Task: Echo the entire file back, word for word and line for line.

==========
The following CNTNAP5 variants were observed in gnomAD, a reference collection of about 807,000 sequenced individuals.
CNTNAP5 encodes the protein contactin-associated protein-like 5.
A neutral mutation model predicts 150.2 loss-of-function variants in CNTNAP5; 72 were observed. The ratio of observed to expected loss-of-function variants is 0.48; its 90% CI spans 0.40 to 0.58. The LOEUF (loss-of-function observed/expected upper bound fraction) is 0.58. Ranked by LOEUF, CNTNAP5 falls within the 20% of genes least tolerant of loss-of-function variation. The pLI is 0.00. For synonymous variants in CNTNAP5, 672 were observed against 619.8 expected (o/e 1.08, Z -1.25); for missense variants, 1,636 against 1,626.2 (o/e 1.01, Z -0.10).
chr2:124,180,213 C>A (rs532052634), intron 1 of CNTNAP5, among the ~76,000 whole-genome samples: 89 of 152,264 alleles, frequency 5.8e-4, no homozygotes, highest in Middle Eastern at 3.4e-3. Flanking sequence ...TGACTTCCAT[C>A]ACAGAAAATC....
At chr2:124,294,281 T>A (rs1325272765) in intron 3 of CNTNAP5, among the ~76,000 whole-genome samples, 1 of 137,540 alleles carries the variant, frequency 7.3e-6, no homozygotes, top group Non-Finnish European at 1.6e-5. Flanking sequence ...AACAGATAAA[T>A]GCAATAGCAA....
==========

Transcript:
The following CNTNAP5 variants were observed in gnomAD, a reference collection of about 807,000 sequenced individuals.
CNTNAP5 encodes the protein contactin-associated protein-like 5.
A neutral mutation model predicts 150.2 loss-of-function variants in CNTNAP5; 72 were observed. The ratio of observed to expected loss-of-function variants is 0.48; its 90% CI spans 0.40 to 0.58. The LOEUF (loss-of-function observed/expected upper bound fraction) is 0.58. Ranked by LOEUF, CNTNAP5 falls within the 20% of genes least tolerant of loss-of-function variation. The pLI is 0.00. For synonymous variants in CNTNAP5, 672 were observed against 619.8 expected (o/e 1.08, Z -1.25); for missense variants, 1,636 against 1,626.2 (o/e 1.01, Z -0.10).
chr2:124,180,213 C>A (rs532052634), intron 1 of CNTNAP5, among the ~76,000 whole-genome samples: 89 of 152,264 alleles, frequency 5.8e-4, no homozygotes, highest in Middle Eastern at 3.4e-3. Flanking sequence ...TGACTTCCAT[C>A]ACAGAAAATC....
At chr2:124,294,281 T>A (rs1325272765) in intron 3 of CNTNAP5, among the ~76,000 whole-genome samples, 1 of 137,540 alleles carries the variant, frequency 7.3e-6, no homozygotes, top group Non-Finnish European at 1.6e-5. Flanking sequence ...AACAGATAAA[T>A]GCAATAGCAA....